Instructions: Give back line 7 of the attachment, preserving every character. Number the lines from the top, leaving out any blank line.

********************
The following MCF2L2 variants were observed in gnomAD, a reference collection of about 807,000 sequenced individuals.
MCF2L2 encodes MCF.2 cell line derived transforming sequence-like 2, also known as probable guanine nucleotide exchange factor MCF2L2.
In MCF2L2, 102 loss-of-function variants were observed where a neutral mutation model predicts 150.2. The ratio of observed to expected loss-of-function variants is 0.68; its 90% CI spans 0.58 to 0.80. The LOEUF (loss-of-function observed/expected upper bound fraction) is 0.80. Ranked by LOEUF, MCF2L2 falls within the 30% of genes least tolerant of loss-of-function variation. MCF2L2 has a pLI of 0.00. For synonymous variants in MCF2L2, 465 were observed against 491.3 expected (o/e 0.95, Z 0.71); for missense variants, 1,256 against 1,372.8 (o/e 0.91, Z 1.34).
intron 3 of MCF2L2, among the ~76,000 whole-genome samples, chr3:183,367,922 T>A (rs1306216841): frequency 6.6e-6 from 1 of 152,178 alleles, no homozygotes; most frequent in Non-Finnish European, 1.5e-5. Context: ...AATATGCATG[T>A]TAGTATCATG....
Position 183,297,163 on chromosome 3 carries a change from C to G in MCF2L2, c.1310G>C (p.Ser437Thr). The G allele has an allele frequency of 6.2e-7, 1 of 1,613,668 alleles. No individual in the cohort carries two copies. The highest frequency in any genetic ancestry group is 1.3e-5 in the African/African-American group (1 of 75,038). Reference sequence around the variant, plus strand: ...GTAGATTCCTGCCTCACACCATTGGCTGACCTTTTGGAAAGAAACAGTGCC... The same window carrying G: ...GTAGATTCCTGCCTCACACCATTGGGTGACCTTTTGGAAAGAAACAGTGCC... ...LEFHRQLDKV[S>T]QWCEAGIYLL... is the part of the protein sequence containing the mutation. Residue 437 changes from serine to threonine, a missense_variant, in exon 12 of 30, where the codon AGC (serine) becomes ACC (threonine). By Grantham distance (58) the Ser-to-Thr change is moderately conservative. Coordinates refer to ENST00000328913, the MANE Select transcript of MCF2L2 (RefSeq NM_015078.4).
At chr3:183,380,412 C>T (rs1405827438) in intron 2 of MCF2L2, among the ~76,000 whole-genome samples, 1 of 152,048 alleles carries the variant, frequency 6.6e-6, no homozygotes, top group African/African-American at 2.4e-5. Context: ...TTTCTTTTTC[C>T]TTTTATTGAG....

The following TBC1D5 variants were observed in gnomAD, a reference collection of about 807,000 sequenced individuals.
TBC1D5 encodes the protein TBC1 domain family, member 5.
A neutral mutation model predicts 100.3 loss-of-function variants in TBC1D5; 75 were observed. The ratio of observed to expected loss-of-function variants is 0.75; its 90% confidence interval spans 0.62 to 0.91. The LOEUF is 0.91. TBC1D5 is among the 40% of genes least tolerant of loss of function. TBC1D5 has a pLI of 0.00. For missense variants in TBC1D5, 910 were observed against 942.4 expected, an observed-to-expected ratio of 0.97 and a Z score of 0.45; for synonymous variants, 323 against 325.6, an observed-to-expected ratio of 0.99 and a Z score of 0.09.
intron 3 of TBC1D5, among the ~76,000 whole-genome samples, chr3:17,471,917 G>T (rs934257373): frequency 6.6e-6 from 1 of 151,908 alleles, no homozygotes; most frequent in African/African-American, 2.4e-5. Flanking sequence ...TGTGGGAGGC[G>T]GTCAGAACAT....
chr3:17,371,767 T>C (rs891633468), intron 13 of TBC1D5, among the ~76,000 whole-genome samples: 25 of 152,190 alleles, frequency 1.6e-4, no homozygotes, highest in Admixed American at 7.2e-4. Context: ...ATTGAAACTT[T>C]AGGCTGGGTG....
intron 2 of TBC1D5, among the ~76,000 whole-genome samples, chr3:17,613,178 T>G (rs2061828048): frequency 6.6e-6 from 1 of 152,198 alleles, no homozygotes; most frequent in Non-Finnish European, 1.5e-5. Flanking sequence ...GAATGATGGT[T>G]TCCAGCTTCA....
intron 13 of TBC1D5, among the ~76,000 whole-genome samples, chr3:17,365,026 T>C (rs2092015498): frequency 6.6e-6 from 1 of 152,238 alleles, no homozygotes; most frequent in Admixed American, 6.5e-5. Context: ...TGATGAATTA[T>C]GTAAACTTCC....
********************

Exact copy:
The following TBC1D5 variants were observed in gnomAD, a reference collection of about 807,000 sequenced individuals.